Cybersecurity is not a recent concern for American consumers; it has been a leading preoccupation for both businesses and individuals for years. As our society grows more reliant on complex data systems, cloud computing, and personal Internet-capable devices, our personal information is more important—and more vulnerable—than ever before.
In the wake of memorable data breaches, like Target’s customer information leak back in 2014 and the now-infamous exposure of millions of Ashley Madison users, consumers are increasingly paranoid about the potential ramifications of a network infiltration, and what defensive measures can and should be taken.
How Data Breaches Occur
The blanket term “hack” isn’t always an accurate way to describe how digital criminal infiltrate these organizations and get their hands on personal data. It’s true that sometimes, skilled programmers and computer technicians can find vulnerabilities in corporate firewalls, exploit weaknesses in system code, and pry their way into databases to retrieve this personal data. It’s a strategy much more nefarious than any link building scheme. However, it’s more common for these thieves to prey on weaknesses on a human level—for example, if one employee sets an easy-to-guess password for internal system access, that’s all it takes for an observant third party to break in. There are also reported instances of company employees selling this type of information to cyber criminals.
Defense Reinforcement and the Second Wall
Most conventional forms of increased cybersecurity deal with a “first wall”—that first instance of defense, which cybercriminals breach in order to gain personal information. For example, companies may invest in smarter, more sophisticated firewalls that make it more difficult for hackers to penetrate. Or, they may invest in employee awareness campaigns designed to prevent employees from falling victim to phishing scams or improper security procedures.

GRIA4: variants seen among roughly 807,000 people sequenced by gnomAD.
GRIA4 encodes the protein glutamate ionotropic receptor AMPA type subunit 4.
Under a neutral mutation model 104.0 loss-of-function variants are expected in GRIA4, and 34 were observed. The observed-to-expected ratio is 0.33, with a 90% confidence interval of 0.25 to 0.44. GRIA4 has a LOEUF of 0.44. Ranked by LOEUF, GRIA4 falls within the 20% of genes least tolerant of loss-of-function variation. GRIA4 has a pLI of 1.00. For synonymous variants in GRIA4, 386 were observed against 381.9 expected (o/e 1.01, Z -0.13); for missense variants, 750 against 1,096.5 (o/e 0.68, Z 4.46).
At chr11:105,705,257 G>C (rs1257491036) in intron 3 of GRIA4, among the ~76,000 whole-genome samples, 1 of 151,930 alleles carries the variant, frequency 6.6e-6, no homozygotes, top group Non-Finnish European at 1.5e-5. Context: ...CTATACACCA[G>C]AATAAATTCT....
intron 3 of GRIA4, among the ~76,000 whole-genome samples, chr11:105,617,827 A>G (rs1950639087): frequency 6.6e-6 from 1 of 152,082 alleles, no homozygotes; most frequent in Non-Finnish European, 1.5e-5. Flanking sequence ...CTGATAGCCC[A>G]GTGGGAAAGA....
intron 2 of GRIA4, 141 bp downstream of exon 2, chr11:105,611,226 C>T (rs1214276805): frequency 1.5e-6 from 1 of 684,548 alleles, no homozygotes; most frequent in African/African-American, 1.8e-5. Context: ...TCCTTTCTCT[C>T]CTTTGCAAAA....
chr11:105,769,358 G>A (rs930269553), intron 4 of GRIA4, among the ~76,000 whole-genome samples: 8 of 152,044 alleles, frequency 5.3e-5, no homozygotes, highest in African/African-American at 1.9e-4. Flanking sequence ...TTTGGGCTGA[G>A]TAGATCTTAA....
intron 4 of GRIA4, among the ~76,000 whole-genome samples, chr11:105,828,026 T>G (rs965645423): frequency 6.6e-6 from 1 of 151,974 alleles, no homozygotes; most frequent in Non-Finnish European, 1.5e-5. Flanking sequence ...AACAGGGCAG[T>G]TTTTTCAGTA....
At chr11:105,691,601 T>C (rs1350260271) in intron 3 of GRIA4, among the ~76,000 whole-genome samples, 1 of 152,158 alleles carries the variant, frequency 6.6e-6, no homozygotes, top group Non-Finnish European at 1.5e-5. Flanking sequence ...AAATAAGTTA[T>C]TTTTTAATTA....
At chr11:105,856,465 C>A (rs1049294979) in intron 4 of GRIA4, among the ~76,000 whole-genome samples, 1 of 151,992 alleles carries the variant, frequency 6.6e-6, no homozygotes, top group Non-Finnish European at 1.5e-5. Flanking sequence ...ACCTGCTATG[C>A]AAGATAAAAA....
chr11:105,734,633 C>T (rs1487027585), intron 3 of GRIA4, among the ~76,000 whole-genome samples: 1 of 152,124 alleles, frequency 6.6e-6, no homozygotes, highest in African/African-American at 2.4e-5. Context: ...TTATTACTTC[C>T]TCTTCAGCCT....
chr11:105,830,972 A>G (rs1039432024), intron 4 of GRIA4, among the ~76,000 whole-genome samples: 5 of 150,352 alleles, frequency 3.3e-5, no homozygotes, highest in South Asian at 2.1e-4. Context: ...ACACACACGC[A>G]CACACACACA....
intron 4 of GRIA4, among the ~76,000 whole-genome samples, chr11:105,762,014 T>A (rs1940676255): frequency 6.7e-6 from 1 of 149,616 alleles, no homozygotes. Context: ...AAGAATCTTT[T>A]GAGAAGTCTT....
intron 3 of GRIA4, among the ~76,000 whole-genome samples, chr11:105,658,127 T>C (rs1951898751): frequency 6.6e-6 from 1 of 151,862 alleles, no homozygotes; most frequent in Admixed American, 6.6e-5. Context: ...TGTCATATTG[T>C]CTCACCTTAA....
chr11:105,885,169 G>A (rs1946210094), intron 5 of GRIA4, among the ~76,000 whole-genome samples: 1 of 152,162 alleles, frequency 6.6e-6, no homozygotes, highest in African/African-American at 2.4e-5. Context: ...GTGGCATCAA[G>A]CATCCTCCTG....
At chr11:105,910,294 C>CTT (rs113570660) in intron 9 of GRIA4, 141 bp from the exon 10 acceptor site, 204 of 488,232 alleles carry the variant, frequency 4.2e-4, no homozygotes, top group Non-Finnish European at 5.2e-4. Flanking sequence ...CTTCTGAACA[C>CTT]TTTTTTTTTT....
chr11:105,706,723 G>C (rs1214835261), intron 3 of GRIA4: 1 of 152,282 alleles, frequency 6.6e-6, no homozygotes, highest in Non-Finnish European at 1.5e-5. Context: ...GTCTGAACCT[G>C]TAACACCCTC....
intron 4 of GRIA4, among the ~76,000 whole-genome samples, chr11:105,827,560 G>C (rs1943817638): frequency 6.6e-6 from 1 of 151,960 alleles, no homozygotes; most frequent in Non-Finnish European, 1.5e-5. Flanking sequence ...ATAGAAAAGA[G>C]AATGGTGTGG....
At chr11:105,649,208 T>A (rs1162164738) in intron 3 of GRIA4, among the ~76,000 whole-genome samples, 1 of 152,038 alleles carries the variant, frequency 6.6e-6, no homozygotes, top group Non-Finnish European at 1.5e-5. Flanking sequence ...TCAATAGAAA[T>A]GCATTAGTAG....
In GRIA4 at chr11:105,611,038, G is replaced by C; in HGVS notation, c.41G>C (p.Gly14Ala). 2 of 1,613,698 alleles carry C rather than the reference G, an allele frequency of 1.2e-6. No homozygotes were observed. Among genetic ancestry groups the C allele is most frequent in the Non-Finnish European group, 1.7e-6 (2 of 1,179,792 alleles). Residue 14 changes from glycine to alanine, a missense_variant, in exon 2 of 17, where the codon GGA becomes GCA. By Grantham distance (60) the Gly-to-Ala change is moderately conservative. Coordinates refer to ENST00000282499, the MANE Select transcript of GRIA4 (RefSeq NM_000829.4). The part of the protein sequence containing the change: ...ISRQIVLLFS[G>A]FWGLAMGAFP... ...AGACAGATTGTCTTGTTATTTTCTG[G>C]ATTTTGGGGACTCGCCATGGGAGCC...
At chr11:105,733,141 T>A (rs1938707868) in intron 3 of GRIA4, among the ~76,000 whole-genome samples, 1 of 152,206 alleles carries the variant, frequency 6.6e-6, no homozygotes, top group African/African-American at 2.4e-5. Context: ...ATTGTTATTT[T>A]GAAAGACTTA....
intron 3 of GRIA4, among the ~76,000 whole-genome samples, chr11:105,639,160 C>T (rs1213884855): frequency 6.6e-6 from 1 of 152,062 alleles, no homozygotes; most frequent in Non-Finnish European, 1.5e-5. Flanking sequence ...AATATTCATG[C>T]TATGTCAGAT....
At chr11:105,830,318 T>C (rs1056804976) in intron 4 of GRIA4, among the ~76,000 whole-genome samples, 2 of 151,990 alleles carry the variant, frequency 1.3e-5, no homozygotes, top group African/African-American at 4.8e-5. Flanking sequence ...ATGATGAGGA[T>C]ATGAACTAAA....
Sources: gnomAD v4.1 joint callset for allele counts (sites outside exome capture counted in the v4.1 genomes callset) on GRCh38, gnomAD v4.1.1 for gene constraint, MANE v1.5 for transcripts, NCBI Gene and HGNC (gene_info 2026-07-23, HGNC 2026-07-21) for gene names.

This line of defense is somewhat effective, but only as a temporary measure. Cybercriminals advance just as quickly as any form of modern technology, and no matter how much you train your employees, there will always be potential leaks.
What most people forget is that there’s a “second wall” preventing criminals from engaging in fraudulent activity. For example, let’s say a massive consumer retailer is hacked by a computer technician, who is able to retrieve the usernames, passwords, and credit card information of thousands of users. The technician can sell this information to petty thieves, who can then use this credit card information to make fraudulent purchases. Until this moment, no real damage is done.
If this “second wall” exists between the thief and an actual purchase, reinforcing that second wall can prevent any fraudulent activity, even in cases where data is accidentally leaked or purposefully stolen.
The Key to Reinforcing the Second Wall
Here, the key to security comes down to proper identification. Think about futuristic depictions of high-tech security in pop culture; in order to access a certain room of a facility, a person must enter a series of passwords, scan his/her optic nerve, and undergo a fingerprint scan in order to verify his/her identity on multiple levels. It isn’t enough to know a password or a person’s name.
This is the kind of security needed for the future of cybersecurity—not literal fingerprints (at least not yet), but some form of verifiable personal identification that can’t be easily stolen by cybercriminals. If enough e-commerce platforms can lock down criminals from making fraudulent purchases, the entire problem of cybersecurity goes away.
Some companies are already making moves to pursue this “second wall” enforcement, though not in exactly these terms. For example, BioCatch is a new system that collects and analyzes different patterns of user behavior, from the speed at which they type to the force at which they tap their screen. Using sophisticated algorithms and artificial intelligence, this system can create a profile for each user’s unique set of online behaviors, and recognize when a user engages in behavior that falls outside this set. For example, if a petty thief clicks too fast or doesn’t scroll the way the user in question does, the system would trigger a red flag, and purchases could be put on a temporary lock.
Of course, this technology is years away from being fully rolled out to e-commerce platforms and major retailers, but it represents a crucial new step in the development of cybersecurity measures. By implementing new systems of proper, unfalsifiable personal identifications, data breaches become far less valuable to cybercriminals, and petty thieves have nothing to do with any data they may acquire. In combination with “first wall” reinforcements like better firewalls, eventually, cybercrime may be a thing of the past.